The inflation rate will be calculated by the OSC and will be based on the U.S. Bureau of Labor Statistics date. He said it appears that inflation rate information for school districts will be available in mid-January 2012.
Another point of contention is that school districts may soon be responsible for tax certiorari payments even though the county establishes the assessments. Dr. Feirsen raised the question if these tax certiorari payments will excluded from the cap? “The Office of the State Comptroller has expressly stated that tax certiorari actions are not excluded from the cap. So the payments that we have to make for incorrect assessments that has been challenged and supported are not excluded,” Feirsen said.
“Unless the county’s decision is overturned it is likely that the school district will need to start to accumulate funds in a tax certiorari reserve, which Feirsen said will place another burden on the budget,” he added.
Will the community still be able to vote on the school budget? Feirsen said that residents will still vote on May 15 and every year thereafter in May. “Obviously that budget will be profoundly shaped by the tax levy cap law,” he said.
As before, the board will have the option, if the budget is voted down, to be put up for a second vote in June. “Just as before, that’s not mandatory,” he said.
Feirsen summarized the options that the board has with the budget: “Option one is to propose a budget requiring a tax levy before the exemptions at or below the tax levy cap (2 percent or less). The actual tax levy increase could be higher than 2 percent. It would need a majority vote required for passage. Option 2 is for the board to propose a budget requiring a tax levy before exemptions that exceeds the tax cap.” It requires a “supermajority” of 60 percent for passage and requires a statement on the ballot indicating that the tax levy before exemptions exceeds the cap, according to Feirsen.
Feirsen stated that if the budget is not approved, a contingency budget must be put into place. It does not matter if the original budget proposal was over or under the cap. The contingency budget may not include a tax levy higher than the prior year’s levy. The cap would be zero.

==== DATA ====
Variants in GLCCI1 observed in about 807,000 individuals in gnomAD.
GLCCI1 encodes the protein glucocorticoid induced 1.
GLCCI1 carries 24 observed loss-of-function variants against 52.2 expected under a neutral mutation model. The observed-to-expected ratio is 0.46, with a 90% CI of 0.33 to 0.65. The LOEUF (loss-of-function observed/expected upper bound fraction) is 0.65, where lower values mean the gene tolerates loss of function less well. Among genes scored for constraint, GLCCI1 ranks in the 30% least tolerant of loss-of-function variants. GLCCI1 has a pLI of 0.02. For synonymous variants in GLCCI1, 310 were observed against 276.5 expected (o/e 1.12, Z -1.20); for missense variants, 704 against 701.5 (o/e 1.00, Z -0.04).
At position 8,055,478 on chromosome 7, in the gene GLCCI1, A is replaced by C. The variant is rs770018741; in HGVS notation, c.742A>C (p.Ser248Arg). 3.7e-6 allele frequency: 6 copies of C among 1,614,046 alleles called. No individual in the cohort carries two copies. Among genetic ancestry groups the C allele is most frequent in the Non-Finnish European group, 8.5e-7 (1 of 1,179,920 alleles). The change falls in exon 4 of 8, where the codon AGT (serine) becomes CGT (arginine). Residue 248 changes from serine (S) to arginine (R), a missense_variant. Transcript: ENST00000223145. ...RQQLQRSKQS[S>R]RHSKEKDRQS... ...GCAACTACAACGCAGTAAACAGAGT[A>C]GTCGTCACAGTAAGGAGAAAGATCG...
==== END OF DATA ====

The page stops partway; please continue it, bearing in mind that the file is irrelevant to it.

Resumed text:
“In Garden City’s case, this would mean that the district could raise through property taxes no more revenue than raise for the current school year (approximately $87.3 million),” he stated.
In the presentation, Feirsen cited a statistic of significant impact in a hypothetical chart of a ‘capped’ GC Public Schools budget. Had the tax levy cap been in effect over the last five years, $20,000,000 less in available resources would have been available to be used for school programs.
Feirsen again hammered home his point that the new law was a “game changer.” “The discussions that I’ve heard and been privy to with legislators…nobody has at least admitted that they understand the ramifications of this,” he said.
School Board Vice President Barbara Trapasso maintained that the bigger question is that the public may not clearly understand the law. “I think there’s a lot of misconceptions about the 2 percent cap and what it is and what it does and how it affects us,” she said.
Trustee Angela Heineman pointed out that the tax cap legislation does not address the issue of pension reform and mandate relief. “If every employee contributed the same 3 percent to that pension system, we would reduce this obligation substantially and that would make a difference…that one action would have given us the ability to deal at least without both hands tied behind your back,” she said.